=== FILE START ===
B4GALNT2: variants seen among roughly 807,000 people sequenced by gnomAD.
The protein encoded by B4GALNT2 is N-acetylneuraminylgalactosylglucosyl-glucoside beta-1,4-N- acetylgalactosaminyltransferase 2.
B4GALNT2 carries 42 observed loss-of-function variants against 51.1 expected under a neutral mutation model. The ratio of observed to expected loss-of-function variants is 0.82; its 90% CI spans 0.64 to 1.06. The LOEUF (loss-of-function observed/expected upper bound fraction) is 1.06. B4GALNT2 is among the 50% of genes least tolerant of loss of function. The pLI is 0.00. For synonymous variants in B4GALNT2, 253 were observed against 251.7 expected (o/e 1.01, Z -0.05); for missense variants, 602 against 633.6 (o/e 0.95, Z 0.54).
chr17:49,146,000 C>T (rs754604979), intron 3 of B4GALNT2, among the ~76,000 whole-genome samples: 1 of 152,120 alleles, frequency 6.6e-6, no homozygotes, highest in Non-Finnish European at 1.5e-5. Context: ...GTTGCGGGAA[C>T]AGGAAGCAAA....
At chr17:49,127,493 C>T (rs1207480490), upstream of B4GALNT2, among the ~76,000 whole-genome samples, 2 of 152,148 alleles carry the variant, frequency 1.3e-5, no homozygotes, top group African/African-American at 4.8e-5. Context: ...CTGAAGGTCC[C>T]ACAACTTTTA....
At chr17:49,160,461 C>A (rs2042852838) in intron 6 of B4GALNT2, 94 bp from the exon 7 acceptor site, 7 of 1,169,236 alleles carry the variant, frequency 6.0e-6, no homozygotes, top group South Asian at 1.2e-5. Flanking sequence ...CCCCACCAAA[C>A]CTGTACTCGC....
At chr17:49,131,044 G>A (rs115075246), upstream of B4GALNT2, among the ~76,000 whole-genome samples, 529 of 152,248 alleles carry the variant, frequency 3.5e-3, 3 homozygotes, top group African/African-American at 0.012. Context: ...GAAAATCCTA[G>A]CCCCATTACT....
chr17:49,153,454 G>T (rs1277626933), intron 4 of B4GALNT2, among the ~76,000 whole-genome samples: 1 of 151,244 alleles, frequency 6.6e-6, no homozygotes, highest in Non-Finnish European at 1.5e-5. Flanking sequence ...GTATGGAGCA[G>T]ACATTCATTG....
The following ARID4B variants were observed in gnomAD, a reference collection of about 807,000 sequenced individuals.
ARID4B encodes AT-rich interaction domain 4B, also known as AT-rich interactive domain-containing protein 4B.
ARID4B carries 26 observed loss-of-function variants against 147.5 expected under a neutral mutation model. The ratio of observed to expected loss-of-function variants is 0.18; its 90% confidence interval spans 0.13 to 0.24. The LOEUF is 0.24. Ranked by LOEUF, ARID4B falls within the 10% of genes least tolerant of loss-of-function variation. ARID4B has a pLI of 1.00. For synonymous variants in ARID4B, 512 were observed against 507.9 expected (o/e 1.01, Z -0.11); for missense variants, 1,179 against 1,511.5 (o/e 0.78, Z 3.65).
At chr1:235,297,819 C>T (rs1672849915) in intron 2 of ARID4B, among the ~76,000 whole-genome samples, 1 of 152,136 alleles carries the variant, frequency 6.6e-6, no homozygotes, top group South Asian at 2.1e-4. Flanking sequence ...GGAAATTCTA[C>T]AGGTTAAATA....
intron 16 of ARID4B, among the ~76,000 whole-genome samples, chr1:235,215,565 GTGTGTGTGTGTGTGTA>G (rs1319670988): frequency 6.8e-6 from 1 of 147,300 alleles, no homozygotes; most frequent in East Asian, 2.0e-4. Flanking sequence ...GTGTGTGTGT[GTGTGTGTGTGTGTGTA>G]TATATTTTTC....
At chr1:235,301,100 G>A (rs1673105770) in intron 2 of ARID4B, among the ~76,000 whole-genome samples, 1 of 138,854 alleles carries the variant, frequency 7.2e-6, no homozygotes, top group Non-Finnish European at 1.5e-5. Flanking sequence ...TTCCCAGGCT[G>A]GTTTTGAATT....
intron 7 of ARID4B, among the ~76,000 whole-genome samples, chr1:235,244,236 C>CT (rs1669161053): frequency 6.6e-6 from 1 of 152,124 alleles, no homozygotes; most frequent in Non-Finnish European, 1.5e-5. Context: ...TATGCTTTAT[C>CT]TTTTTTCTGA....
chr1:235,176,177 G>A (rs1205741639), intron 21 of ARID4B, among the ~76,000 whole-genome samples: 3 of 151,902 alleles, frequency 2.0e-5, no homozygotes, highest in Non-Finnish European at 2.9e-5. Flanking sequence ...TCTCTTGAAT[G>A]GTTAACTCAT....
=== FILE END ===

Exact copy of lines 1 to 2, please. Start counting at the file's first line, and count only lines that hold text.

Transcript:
B4GALNT2: variants seen among roughly 807,000 people sequenced by gnomAD.
The protein encoded by B4GALNT2 is N-acetylneuraminylgalactosylglucosyl-glucoside beta-1,4-N- acetylgalactosaminyltransferase 2.